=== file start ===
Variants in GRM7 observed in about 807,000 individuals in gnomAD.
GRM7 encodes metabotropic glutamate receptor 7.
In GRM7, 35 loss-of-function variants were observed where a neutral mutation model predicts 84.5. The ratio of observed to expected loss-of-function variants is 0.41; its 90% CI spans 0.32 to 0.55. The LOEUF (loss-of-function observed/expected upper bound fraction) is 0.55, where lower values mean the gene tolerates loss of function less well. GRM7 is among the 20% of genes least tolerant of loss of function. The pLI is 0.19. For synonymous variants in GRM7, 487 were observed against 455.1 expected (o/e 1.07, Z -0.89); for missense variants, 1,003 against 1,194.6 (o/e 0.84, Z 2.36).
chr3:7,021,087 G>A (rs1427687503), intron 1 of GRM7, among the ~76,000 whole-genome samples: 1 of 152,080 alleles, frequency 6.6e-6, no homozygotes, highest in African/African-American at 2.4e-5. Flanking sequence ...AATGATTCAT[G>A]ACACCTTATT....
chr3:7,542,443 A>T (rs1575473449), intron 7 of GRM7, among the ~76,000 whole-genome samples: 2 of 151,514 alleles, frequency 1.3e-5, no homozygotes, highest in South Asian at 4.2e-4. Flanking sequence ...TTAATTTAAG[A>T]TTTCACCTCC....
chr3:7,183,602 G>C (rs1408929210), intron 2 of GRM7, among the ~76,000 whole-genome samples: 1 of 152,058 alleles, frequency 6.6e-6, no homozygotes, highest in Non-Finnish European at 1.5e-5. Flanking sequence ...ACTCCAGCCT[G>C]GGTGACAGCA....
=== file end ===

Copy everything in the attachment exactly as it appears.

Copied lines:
Variants in GRM7 observed in about 807,000 individuals in gnomAD.
GRM7 encodes metabotropic glutamate receptor 7.
In GRM7, 35 loss-of-function variants were observed where a neutral mutation model predicts 84.5. The ratio of observed to expected loss-of-function variants is 0.41; its 90% CI spans 0.32 to 0.55. The LOEUF (loss-of-function observed/expected upper bound fraction) is 0.55, where lower values mean the gene tolerates loss of function less well. GRM7 is among the 20% of genes least tolerant of loss of function. The pLI is 0.19. For synonymous variants in GRM7, 487 were observed against 455.1 expected (o/e 1.07, Z -0.89); for missense variants, 1,003 against 1,194.6 (o/e 0.84, Z 2.36).
chr3:7,021,087 G>A (rs1427687503), intron 1 of GRM7, among the ~76,000 whole-genome samples: 1 of 152,080 alleles, frequency 6.6e-6, no homozygotes, highest in African/African-American at 2.4e-5. Flanking sequence ...AATGATTCAT[G>A]ACACCTTATT....
chr3:7,542,443 A>T (rs1575473449), intron 7 of GRM7, among the ~76,000 whole-genome samples: 2 of 151,514 alleles, frequency 1.3e-5, no homozygotes, highest in South Asian at 4.2e-4. Flanking sequence ...TTAATTTAAG[A>T]TTTCACCTCC....
chr3:7,183,602 G>C (rs1408929210), intron 2 of GRM7, among the ~76,000 whole-genome samples: 1 of 152,058 alleles, frequency 6.6e-6, no homozygotes, highest in Non-Finnish European at 1.5e-5. Flanking sequence ...ACTCCAGCCT[G>C]GGTGACAGCA....